How Is Fashion Actually Measuring Up To Its Climate Goals?
It’s no secret that fashion needs to drastically slash its greenhouse gas emissions. That’s why a number of major brands have committed to cut emissions by half by 2030 and to reach net zero by 2050, as part of the United Nations’s Fashion Industry Charter For Climate Action, which ramped up its ambition level last year.
Now at Cop27, the UN’s climate change conference taking place in Egypt, the question is exactly how fashion is measuring up to its goals. Currently, all 100-plus signatories of the Fashion Charter have to report their greenhouse gas emissions annually, with 89 per cent of companies submitting data this year (those that fail to comply are removed as signatories). “These accountability requirements are important because it creates that push for brands to go on and do the right thing,” Lindita Xhaferi-Salihu, the Fashion Charter lead at UN Climate Change, tells Vogue.
While the UN is yet to collate the latest figures, initial analysis suggests that, disappointingly, the majority of brands are far from being on track to meet its commitments, after a resurgence of emissions following the lockdowns of 2020. A report by Stand.Earth looked at the progress of 10 major brands (all Fashion Charter signatories) and found that only one of them – Levi’s – was on course to cut greenhouse gas emissions by 55 per cent by 2030 (a higher benchmark that the UN’s Emissions Gap report in 2021 said was required to keep to the 1.5C limit set out by the Paris Agreement). In fact, the campaign group found that emissions for eight of the brands actually rose last year. It’s worth remembering that these are the companies that have actually signed on to climate commitments – a significant proportion of the industry have not.
“In many cases, emissions did drop during Covid, [but] they’re really climbing back up again. It’s completely out of step with maintaining that 1.5C scenario,” Rachel Kitchin, corporate climate campaigner at Stand.Earth, comments. The pursuit of continuous growth by companies is the elephant in the room that the industry still needs to reckon with. “It’s essential for [brands] to take action now to stop feeding the growth of fossil fuels for power and switch to renewable energy, phase out coal from the supply chain, and really look at how they’re using fossil-fuel derived materials,” she continues.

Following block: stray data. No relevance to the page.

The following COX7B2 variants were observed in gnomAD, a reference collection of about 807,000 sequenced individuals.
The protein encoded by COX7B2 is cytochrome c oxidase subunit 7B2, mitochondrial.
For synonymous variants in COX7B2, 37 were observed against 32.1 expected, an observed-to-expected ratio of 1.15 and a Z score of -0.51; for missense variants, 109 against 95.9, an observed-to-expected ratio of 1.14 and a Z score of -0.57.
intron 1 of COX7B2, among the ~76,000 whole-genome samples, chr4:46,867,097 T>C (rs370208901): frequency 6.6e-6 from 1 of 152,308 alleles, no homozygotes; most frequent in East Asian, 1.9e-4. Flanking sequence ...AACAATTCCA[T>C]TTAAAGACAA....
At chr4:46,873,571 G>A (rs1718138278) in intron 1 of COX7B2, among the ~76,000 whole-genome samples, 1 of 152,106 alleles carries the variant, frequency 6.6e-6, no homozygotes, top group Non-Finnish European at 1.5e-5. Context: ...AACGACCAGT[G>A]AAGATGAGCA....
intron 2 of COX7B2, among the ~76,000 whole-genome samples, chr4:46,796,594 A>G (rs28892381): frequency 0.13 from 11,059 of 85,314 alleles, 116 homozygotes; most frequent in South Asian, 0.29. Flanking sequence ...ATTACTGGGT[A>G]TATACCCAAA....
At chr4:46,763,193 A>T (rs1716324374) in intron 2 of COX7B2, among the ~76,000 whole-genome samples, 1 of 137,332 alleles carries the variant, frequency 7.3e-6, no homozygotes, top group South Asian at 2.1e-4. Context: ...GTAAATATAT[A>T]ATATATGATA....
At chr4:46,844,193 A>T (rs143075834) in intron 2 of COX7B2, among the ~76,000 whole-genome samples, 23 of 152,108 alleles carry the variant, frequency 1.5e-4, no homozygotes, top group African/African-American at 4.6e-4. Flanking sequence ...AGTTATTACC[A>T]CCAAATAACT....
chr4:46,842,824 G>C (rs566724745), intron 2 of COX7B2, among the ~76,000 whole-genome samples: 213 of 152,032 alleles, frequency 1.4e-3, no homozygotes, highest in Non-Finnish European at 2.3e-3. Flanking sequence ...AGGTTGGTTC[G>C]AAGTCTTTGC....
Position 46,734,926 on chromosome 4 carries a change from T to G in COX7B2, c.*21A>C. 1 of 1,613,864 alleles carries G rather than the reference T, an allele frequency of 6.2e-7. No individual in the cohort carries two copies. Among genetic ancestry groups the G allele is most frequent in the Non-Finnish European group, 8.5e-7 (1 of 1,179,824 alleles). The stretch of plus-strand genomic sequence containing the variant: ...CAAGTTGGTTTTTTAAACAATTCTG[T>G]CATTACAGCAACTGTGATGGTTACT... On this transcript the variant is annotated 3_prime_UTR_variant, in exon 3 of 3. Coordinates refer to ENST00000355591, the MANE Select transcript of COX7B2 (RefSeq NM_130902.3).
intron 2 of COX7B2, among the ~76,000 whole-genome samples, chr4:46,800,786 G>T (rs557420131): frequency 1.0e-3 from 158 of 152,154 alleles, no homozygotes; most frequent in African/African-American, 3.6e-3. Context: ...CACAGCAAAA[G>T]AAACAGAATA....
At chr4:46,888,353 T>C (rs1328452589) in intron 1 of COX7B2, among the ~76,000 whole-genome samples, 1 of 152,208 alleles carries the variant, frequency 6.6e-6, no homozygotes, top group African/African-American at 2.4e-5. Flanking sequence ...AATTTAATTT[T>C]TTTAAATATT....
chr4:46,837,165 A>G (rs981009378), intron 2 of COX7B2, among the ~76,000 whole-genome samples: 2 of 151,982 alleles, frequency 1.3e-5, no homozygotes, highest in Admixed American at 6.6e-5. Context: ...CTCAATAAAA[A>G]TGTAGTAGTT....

While some of the brands dispute the methodology used by Stand.Earth (H&M, for example, says that “the increase of emissions due to the recovery [following Covid] is definitely not the way we see forward”), it’s clear that a huge amount of work still needs to be done. Based on the UN Fashion Charter’s own figures from 2020, just 15 per cent of signatories were on track for the 1.5C pathway, while around 30 per cent were on target for the 2C pathway.
Considering that the production and processing of textiles is responsible for the majority of the industry’s footprint, materials are a crucial part of the puzzle. Last year, Fashion Charter signatories made a new commitment to ensure all priority materials – such as cotton, viscose, polyester, wool and leather – are low climate impact by 2030. But a recent report from Textile Exchange also concluded that not enough was being done to meet current climate commitments.
“Global fibre production reached an all-time high again in 2021 after a slight decline due to Covid the previous year,” Claire Bergkamp, Textile Exchange’s chief operating officer, says. “It is expected to grow [again] in 2030 if business as usual continues. Without rethinking untethered growth, the industry will not stay within the 1.5C pathway. We will need both replacement and reduction, as well as innovation and partnership to allow us to advance and scale known solutions.”
The need for tangible solutions is why the UN Fashion Charter added a requirement for signatories to submit relevant reduction pathway plans last year. “What are the actions they will be taking? Do they have the necessary support internally and externally to actually make it happen? What are some of the contingency plans that they will put in place if they can’t achieve those targets?” Xhaferi-Salihu says of the questions that’ll be asked of brands.
It’s also why the United Nations Environment Programme (UNEP) has partnered with the Global Fashion Agenda to launch a new Fashion Industry Target Consultation in order to set concrete milestones that will help the industry to become net-positive. These will focus on five key areas: respectful and secure work environments, better wage systems, resource stewardship, smart material choices and circular systems. “What are the actual steps the industry needs to reduce carbon emissions, but also for a much broader group of sustainability topics?” explains Holly Syrett, Global Fashion Agenda’s impact programmes and sustainability director.
How to actually deliver on current commitments is a key theme for Cop27 as a whole – and the fashion industry is no different. “The ambition is there, but going forward our focus is [going to be] on accountability,” Xhaferi-Salihu concludes.